Langley: You mentioned that Gareth valued humanity. He does something really interesting when he’s talking to Bob. There’s a whole lot of ‘us versus them’ in this world [of The Walking Dead], and in crisis situations that’s a very common human response. For a lot of people, the normal thing is to dehumanize people on the other side. But while playing Gareth, you’re humanizing these people. You’re calling them by name. You’re trying to be a person and have a conversation with Bob. Why in the world are you having a conversation with your dinner?

West: It’s a good question, and the answer is complex, too. A lot of that is strategy. Gareth and his little crew, they didn’t want to kill Bob. That was never the plan. I don’t even think it was about that particular meal. That was maybe a little bit of a bonus. They got a little snack in the meantime, but what’s really going on there is that they want to send a message to Rick and the rest of the group. What they do is take his leg and they eat it. They send him back [to the church where Rick and the others are holed up] because they want to put a profound fright into the group and they want the group to scatter, and they almost succeed. They get part of the group to leave and they think that the group will be a little bit more vulnerable, that they can attack them in the church. So I think he has that long conversation with Bob because he wants Bob to go back and to share all of that stuff with Rick and the group and say, ‘Look, these guys are nuts. Look what they did to me. They’re not playing around.’ Which is exactly what happens. Gareth’s plan almost succeeds. So there’s a lot going on there. But you have to have a detached viewpoint and you certainly have to dehumanize somebody to a certain extent to be able to talk to him that way. At the end of the day, the end game is that they are going to get a huge meal out of the entire group. They’re going to have a big roast, a big old party.

Langley: They left all the veggies they’d been growing back at Terminus. That’s a protein-heavy meal.

West: I know. They were sick of veggies, I guess.

Langley: This isn’t the first character you’ve played where the worst gets brought out. For example, you did a film, Bipolar, where you played a Jekyll and Hyde kind of character, which even explored the power of the situation to change a person. How do you approach these roles? Do you really try to get into the character or you do go, ‘I’m just going to go say my lines’?

West: Honestly, it’s more of the latter. I think when a role is really well written, like Gareth was and like a lot of the film that you’re referencing, Bipolar, one of the great things about being an actor is that you get to be these people that you never would in real life. You get to do things that you normally never do. So if you’re given the license to act like a psychopath, because it says that you can do that on a piece of paper, when there’s this script and you’ve got these great lines, I think that all of us would be surprised at what we can tap into, like what is deep down inside of us. That’s not to say that you’re ever going to go behave that way in real life, but given these imaginary circumstances, you can sort of say to yourself, ‘How would I behave in this situation?’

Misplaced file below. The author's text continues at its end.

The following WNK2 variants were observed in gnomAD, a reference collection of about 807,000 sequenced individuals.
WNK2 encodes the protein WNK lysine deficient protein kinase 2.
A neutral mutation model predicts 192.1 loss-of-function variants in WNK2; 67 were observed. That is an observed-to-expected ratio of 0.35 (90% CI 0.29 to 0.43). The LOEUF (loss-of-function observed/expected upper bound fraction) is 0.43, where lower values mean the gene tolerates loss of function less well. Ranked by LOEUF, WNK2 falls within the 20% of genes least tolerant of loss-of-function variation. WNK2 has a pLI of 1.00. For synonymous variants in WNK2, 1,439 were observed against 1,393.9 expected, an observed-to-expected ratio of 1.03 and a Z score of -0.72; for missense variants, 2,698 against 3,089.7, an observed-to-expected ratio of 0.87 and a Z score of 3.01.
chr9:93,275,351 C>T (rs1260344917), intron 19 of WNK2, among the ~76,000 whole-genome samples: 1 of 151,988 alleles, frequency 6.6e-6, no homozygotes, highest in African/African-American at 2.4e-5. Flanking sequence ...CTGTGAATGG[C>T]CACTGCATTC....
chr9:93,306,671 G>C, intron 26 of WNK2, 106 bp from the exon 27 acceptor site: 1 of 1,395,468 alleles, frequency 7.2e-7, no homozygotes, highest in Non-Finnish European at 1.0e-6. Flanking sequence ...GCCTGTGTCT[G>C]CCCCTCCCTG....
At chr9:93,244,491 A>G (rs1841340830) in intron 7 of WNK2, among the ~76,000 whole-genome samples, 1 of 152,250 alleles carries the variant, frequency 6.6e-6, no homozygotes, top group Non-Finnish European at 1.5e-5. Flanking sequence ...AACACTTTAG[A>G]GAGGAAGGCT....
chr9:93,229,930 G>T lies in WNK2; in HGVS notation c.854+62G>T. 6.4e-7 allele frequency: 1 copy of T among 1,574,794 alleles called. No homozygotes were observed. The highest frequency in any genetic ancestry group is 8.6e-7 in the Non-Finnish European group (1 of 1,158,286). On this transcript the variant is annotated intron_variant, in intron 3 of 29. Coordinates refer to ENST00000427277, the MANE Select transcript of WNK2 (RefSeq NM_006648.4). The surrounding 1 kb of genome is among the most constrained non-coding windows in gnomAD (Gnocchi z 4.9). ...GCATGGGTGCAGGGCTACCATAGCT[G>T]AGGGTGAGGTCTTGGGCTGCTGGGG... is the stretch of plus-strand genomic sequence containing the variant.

If I understood the only way I could survive was by taking this guy’s leg off and eating it and convincing him that we are as scary as we actually are so that he’ll go back and tell the rest of the group, and you really commit to that, some surprising, strange things start to happen. That’s what you hope for in terms of acting. So it’s not so much about research as it is just really getting in touch with what is deep down inside you, what you’re able to bring out when you let yourself mentally go into that imaginary places that’s created for you by the writers and by the people in charge of the show or the film.

Eric, Janey, Kieran, and I had much more to say about the characters and stories after Andrew left and the audience hit us with some smart questions and comments. We ended with a question I'd asked West the day before: "Fight the dead, fear the living" is a cynical-sounding tagline. So is The Walking Dead a pessimistic or optimistic story? Is there hope? I'll share a lot of people's answers – including ours, West's, and another TWD actor's – another time.

Right now, though, check out Andrew J. West and another TWD alum, Emma Bell (Amy from season 1), in the film Bipolar on Amazon Instant Video, included with Prime Instant Video. (I'm certainly not trying to push Amazon.Those of you who find it elsewhere are most welcome to share that information in comments below.) Sit back, remember it's a micro-budget movie, and mull it over accordingly. Readers who follow PsychologyToday.com should find the film pretty intriguing.

I've embedded the trailer below even though I think it gives too much away. I recommend that anyone interested should skip the trailer and just go watch the movie.